- By Alison Lake
In the harsh desert Sahel region of Algeria, Mali, and Mauritania, according to Moroccan and Mauritanian government sources, some Marxist nationalists are colluding with France’s most feared terrorist group, al Qaeda in the Islamic Maghreb (AQIM). In recent months, the group has abducted Westerners for hefty ransoms, trafficked arms and drugs from Latin cartels, and bombed sites in Algeria and Mauritania.
This may be a new development, but Arab governments have long attempted to accuse their opponents, domestic or otherwise, of links to al Qaeda in an attempt to curry support from the United States for their own suppression of criticism or opposition. However, there is some evidence that stalled discussions over independence or autonomy for Western Sahara may have created a marriage of convenience among some elements of the independence struggle and AQIM.
If accurate, these reports suggest that some members of the Algeria-based Polisario Front have joined al Qaeda in trafficking drugs, arms, and humanitarian aid in North Africa’s desert borderlands. AQIM is a product of the Algerian civil war and bin Laden’s jihadi campaign in Afghanistan. A few hundred AQIM members operate in southern Algeria and northern Mali and Mauritania, and are making inroads to Morocco, say Moroccan intelligence officials.
The heavily armed Polisario, an independence movement for Western Sahara, is based in southwest Algeria near the Sahel zone of AQIM control. Polisario’s key supporters are Cuba and Algeria, which fund its military and political operations, and it has political support from many African nations including South Africa.
Recent arrests of Polisario members by the governments of Morocco, Algeria, and Mauritania give credence to the unlikely link between an Islamist group and Marxist nationalists. Maj. Gen. Abdeljebbar Azzaoui, Morocco’s director of intelligence and counterterrorism, alleged some 75 arrests by Morocco, Mauritania, and Mali of Polisario members involved in al Qaeda operations. He said the Moroccan government works closely with these two countries and shares a list of captives. On Oct. 30 Morocco’s Interior Ministry announced its capture of a supposedly al Qaeda-linked terrorist cell, the "Saharawi Jihad Front," headed by a Polisario supporter.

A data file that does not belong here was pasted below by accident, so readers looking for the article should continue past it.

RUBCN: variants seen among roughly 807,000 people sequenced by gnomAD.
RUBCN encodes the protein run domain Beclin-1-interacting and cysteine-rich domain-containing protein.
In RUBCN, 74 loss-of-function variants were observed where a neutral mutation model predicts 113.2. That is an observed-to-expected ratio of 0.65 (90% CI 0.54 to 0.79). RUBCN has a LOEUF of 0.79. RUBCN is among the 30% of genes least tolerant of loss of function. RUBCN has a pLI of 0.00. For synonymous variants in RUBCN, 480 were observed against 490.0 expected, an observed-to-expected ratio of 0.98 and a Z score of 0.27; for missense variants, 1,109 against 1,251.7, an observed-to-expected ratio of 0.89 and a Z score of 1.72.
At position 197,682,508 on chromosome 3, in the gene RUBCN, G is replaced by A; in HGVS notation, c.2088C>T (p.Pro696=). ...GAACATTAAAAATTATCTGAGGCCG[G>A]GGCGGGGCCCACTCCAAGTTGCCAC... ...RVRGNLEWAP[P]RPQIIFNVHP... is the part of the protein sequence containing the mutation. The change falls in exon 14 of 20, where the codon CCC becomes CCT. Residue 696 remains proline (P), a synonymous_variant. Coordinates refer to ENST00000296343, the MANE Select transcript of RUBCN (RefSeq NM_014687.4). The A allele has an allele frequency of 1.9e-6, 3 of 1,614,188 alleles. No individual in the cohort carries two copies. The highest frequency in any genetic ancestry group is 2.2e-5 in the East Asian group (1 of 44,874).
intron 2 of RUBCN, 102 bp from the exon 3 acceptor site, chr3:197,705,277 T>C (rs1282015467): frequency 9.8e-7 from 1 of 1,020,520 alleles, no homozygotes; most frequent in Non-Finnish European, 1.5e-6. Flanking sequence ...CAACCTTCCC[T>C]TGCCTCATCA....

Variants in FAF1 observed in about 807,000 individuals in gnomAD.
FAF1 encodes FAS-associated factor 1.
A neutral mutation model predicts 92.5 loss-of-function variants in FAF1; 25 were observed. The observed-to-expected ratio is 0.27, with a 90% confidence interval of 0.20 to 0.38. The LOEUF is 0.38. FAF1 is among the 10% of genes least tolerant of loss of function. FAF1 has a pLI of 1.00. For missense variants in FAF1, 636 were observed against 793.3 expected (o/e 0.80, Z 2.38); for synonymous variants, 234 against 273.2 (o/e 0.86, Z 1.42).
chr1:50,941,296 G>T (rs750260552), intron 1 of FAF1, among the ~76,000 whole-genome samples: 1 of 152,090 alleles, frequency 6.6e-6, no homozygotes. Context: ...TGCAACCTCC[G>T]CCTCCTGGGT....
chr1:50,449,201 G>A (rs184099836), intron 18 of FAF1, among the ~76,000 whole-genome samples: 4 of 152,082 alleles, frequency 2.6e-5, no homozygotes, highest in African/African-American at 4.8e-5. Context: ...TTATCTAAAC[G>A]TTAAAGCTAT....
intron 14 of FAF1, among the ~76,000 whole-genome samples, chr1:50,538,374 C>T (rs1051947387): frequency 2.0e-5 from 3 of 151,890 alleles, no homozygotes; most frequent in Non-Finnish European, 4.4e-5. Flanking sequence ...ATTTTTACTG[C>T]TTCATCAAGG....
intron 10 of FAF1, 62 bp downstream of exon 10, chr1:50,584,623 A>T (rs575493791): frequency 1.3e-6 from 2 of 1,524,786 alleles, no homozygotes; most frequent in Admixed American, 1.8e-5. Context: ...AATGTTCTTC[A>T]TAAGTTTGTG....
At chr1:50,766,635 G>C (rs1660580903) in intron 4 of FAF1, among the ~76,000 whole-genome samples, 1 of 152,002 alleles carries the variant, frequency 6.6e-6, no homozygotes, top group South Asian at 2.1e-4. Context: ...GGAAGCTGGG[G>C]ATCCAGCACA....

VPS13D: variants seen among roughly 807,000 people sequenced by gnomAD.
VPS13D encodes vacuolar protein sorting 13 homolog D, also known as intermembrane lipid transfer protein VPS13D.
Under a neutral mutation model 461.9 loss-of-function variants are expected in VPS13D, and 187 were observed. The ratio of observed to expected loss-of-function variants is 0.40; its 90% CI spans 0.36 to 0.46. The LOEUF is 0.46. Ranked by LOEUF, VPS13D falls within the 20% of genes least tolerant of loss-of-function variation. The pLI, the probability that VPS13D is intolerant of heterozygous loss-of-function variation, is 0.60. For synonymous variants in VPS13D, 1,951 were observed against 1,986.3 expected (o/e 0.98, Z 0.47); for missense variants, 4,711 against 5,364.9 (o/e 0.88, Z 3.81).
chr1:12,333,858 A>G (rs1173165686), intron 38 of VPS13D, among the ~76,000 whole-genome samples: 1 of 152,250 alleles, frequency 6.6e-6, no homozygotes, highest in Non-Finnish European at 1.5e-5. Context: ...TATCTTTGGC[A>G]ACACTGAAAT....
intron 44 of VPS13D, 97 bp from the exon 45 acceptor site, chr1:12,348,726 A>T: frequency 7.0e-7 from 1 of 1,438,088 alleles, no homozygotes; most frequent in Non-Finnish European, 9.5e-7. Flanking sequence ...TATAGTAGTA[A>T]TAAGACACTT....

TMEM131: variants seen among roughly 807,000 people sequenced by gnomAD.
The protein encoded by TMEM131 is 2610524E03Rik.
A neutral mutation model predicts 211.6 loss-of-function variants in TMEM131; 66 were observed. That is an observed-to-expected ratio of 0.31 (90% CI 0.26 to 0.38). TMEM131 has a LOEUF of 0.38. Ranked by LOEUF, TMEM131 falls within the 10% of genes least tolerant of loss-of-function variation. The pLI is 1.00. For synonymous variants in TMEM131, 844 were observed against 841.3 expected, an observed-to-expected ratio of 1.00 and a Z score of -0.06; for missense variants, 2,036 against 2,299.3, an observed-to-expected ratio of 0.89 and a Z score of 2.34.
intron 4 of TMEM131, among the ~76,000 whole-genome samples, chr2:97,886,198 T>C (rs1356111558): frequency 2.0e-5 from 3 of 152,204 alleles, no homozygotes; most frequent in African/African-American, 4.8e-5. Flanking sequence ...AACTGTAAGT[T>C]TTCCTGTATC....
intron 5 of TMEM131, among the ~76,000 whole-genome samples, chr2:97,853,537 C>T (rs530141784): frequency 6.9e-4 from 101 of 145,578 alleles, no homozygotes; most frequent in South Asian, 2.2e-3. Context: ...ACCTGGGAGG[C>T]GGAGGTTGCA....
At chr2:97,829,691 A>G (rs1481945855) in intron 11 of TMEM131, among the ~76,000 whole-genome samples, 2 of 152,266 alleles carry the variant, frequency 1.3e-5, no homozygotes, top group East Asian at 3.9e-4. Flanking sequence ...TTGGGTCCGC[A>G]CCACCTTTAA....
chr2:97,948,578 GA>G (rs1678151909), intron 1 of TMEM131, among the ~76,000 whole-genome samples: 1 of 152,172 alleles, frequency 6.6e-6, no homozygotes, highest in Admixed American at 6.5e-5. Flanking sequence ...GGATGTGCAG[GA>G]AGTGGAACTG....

In August, in response to AQIM’s demands, Mauritania released Omar le Sahraoui, a Polisario veteran on hire for AQIM who kidnapped three Spanish aid workers in November 2009. Washington’s Center for Strategic and International Studies in Washington (CSIS) reported some 20 other Polisario members were arrested for the kidnapping.
In January, Algerian security services arrested Sidi Mohamed Mahjoub, a Polisario imam, whose home allegedly contained arms, 20 kilos of explosives, and correspondence with AQIM leader Abd al-Malik Droukdel. Regional experts Abdul Hameed Bakier of the Jamestown Foundation in Washington and Claude Moniquet of the Brussels-based European Strategic Intelligence & Security Center confirmed the capture. But in October, Emhamed Khadad, a Polisario leader and spokesperson, stated by telephone that the imam was back home, alive and well.
The edges of Algeria, Mauritania, and Mali are poorly policed and invite criminality. "Border policing is an ongoing concern for Mauritania," said Mohamed Lemine El Haycen, Mauritanian ambassador to the U.S. "To protect our citizens and foreign residents, we are focused on containing immigration and illicit traffic," said El Haycen. "We also try to discourage radicalism at home to refute terrorist ideology."
The "terrorist ideology" cited by the Mauritanian ambassador is a reference to Salafi jihadists who reject modern nationalist tenets. The Polisario Front, in stark contrast, formed as a secular Cold War independence movement for Western Sahara in 1973, following Spain’s retreat as a colonial power. Since the mid-1970s, Morocco and the Polisario have sparred over this desert territory on Africa’s Atlantic coast. After Spain, and then Mauritania, relinquished claim to Western Sahara, Morocco has occupied the majority of the territory, which borders 275 miles with Morocco and 26 miles with Algeria. The conflict’s long history is punctuated by failed negotiations, Morocco’s ongoing occupation of the territory, and repeated threats by the Polisario to return to armed conflict despite the 1991 United Nations-administered cease-fire.
The conflict undermines regional cooperation in North Africa and encourages terrorism and trafficking, said Sahara experts such as J. Peter Pham, senior vice president of the National Committee on American Foreign Policy. "There is serious concern that the Western Sahara dispute has created an environment propitious for the spread of violent extremism," agreed Anouar Boukhars, assistant professor of international relations at McDaniel College and visiting fellow at the Brookings Institute, Doha.